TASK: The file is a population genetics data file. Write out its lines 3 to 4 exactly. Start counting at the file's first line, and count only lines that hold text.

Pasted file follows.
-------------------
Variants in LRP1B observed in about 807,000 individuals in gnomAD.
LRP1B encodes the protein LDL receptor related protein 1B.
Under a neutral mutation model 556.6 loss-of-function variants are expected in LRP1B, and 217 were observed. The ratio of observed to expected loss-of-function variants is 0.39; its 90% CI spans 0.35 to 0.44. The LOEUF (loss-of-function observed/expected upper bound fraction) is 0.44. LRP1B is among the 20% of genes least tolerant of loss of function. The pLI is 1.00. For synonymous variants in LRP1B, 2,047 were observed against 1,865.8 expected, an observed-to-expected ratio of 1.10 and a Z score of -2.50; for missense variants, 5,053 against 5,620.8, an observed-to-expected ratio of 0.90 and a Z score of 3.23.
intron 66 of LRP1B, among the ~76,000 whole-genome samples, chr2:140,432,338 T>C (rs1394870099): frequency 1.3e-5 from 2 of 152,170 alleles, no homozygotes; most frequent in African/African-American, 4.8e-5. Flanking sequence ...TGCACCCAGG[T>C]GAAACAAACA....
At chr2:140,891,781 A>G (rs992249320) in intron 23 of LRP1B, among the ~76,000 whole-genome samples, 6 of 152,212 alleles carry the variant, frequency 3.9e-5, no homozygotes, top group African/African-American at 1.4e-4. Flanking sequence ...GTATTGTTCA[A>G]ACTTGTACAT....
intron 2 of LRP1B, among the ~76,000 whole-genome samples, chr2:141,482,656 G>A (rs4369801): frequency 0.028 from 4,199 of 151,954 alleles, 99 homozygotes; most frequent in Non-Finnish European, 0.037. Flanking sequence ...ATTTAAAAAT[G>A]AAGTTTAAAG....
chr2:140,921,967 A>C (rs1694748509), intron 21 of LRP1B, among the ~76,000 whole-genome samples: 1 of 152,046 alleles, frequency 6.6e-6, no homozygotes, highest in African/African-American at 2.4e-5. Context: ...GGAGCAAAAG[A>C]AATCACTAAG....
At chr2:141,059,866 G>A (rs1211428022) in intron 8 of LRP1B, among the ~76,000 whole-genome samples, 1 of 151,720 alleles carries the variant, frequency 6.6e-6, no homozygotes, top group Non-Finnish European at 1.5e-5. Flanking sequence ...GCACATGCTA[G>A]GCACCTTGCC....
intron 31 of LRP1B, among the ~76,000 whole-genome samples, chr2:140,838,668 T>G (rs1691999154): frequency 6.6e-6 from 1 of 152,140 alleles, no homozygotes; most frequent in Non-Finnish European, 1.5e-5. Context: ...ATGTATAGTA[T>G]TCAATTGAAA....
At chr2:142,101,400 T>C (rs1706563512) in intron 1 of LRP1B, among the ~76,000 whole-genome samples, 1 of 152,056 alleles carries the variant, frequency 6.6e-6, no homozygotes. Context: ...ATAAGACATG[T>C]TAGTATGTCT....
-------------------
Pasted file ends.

Under a neutral mutation model 556.6 loss-of-function variants are expected in LRP1B, and 217 were observed. The ratio of observed to expected loss-of-function variants is 0.39; its 90% CI spans 0.35 to 0.44. The LOEUF (loss-of-function observed/expected upper bound fraction) is 0.44. LRP1B is among the 20% of genes least tolerant of loss of function. The pLI is 1.00. For synonymous variants in LRP1B, 2,047 were observed against 1,865.8 expected, an observed-to-expected ratio of 1.10 and a Z score of -2.50; for missense variants, 5,053 against 5,620.8, an observed-to-expected ratio of 0.90 and a Z score of 3.23.
intron 66 of LRP1B, among the ~76,000 whole-genome samples, chr2:140,432,338 T>C (rs1394870099): frequency 1.3e-5 from 2 of 152,170 alleles, no homozygotes; most frequent in African/African-American, 4.8e-5. Flanking sequence ...TGCACCCAGG[T>C]GAAACAAACA....